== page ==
Conversely, Dynamic disks are mostly useless. A handful of products require them, but hopefully they’ll all die soon (or undergo a redesign, that could work too). In the absence of an absolute, defined need, you should never use Dynamic disks. The article linked in the previous paragraph explains the Dynamic disk, if you’re interested. For a quicker explanation, just like at this picture from Disk Management:

Basic and Dynamic Disks

Basic and Dynamic Disks

Dynamic disks, in the truest sense of the term, are not a Hyper-V technology.

Which Live Migration Do I Want?

I was attempting to answer a forum question in which the asker was configuring Constrained Delegation so that he could Live Migrate a virtual machine from one physical cluster node to another physical node in the same cluster. I rightly pointed out that nodes in the same cluster do not require delegation. It took a while for me to understand that he was attempting to perform a Shared Nothing Live Migration of an unclustered guest between the two nodes. That does require delegation in some cases.

To keep things straight, understand that Hyper-V offers multiple virtual machine migration technologies. Despite all of them including the word “migration” and most of them including the word “live”, they are different. They are related because they all move something Hyper-V, but they are not interchangeable terms.

This is the full list:

  • Quick Migration: Quick Migration moves a virtual machine from one host to another within a cluster. So it’s said, the virtual machine must be clustered, not simply on a cluster node. It is usually the fastest of the migration techniques because nothing is transmitted across the network. If the virtual machine is on, it is first saved. Ownership is transferred to the target node. If the virtual machine was placed in a saved state for the move, it is resumed.
  • Live Migration: A Live Migration has the same requirement as a Quick Migration: it is only applicable to clustered virtual machines. Additionally, the virtual machine must be turned on (otherwise, it wouldn’t be “live”). Live Migration is slower than Quick Migration because CPU threads, memory, and pending I/O must be transferred to the target host, but it does not involve an interruption in service. The virtual machine experiences no outage except for the propagation of its network adapters’ MAC address change throughout the network.
  • Storage Live Migration: A Storage Live Migration involves the movement of any files related to a virtual machine. It could be all of them, or it could be any subset. “Storage Live Migration” is just a technology name; the phrase never appears anywhere in any of the tools. You select one of the options to “Move” and then you choose to only move storage. You can choose a new target location on the same host or remote storage, but a Storage Live Migration by itself cannot change a virtual machine’s owner to a new physical host. Unlike a “Live Migration”, the “Live” in “Storage Live Migration” is optional.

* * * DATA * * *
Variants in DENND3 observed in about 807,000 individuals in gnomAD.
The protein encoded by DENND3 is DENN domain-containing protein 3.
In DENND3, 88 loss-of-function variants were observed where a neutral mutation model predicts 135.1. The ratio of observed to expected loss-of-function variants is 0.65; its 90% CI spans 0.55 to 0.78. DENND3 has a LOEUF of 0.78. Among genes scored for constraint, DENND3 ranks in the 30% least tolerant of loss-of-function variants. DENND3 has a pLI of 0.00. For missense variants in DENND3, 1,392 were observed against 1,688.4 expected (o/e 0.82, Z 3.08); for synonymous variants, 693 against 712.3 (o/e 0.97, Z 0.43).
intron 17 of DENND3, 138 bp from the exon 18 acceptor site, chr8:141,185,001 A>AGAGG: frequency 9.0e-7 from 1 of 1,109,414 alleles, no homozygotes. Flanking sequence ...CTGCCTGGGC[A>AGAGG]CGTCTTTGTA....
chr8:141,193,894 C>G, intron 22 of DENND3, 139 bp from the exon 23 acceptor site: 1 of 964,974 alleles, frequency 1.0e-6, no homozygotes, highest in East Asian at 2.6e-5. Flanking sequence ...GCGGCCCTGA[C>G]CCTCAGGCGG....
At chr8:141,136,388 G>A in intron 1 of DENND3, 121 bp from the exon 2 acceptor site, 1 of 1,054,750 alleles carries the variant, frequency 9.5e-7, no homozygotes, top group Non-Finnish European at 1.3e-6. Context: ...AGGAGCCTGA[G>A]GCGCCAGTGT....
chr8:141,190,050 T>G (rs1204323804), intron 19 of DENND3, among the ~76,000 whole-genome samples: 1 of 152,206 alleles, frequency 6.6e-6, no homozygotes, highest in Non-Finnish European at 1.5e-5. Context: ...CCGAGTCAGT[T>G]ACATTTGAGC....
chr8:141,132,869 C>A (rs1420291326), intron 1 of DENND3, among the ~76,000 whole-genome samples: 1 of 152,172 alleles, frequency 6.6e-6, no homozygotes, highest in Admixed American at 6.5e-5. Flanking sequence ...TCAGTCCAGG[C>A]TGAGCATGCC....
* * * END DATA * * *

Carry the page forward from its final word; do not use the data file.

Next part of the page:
• Shared Nothing Live Migration: The “Shared Nothing” part of this term can cause confusion because it isn’t true. The “live” bit doesn’t help, because the VM can be off or saved, if you want. The idea is that the source and destination hosts don’t need to be in the same cluster, so they don’t need to share a common storage pool. Their hosts do need to share a domain and at least one network, though. I’m not sure what I would have called this one, so maybe I’m glad that I don’t have that job. Anyway, as with Storage Live Migration, you’ll never see this phrase in any of the tools. It’s simply one of the “move” options.

If you’re seeking help from others, it’s important to use the proper term. Otherwise, your confusion will become their confusion and you might never find any help.

What Else?

I’ve been doing this long enough that I might be missing other things that just don’t make sense. Let us know what’s boggled you about Hyper-V and we’ll add it to the list.

Disk Fragmentation is not Hyper-V’s Enemy

Disk Fragmentation is not Hyper-V’s Enemy

Fragmentation is the most crippling problem in computing, wouldn’t you agree? I mean, that’s what the strange guy downtown paints on his walking billboard, so it must be true, right? And fragmentation is at least five or six or a hundred times worse for a VHDX file, isn’t it? All the experts are saying so, according to my psychic.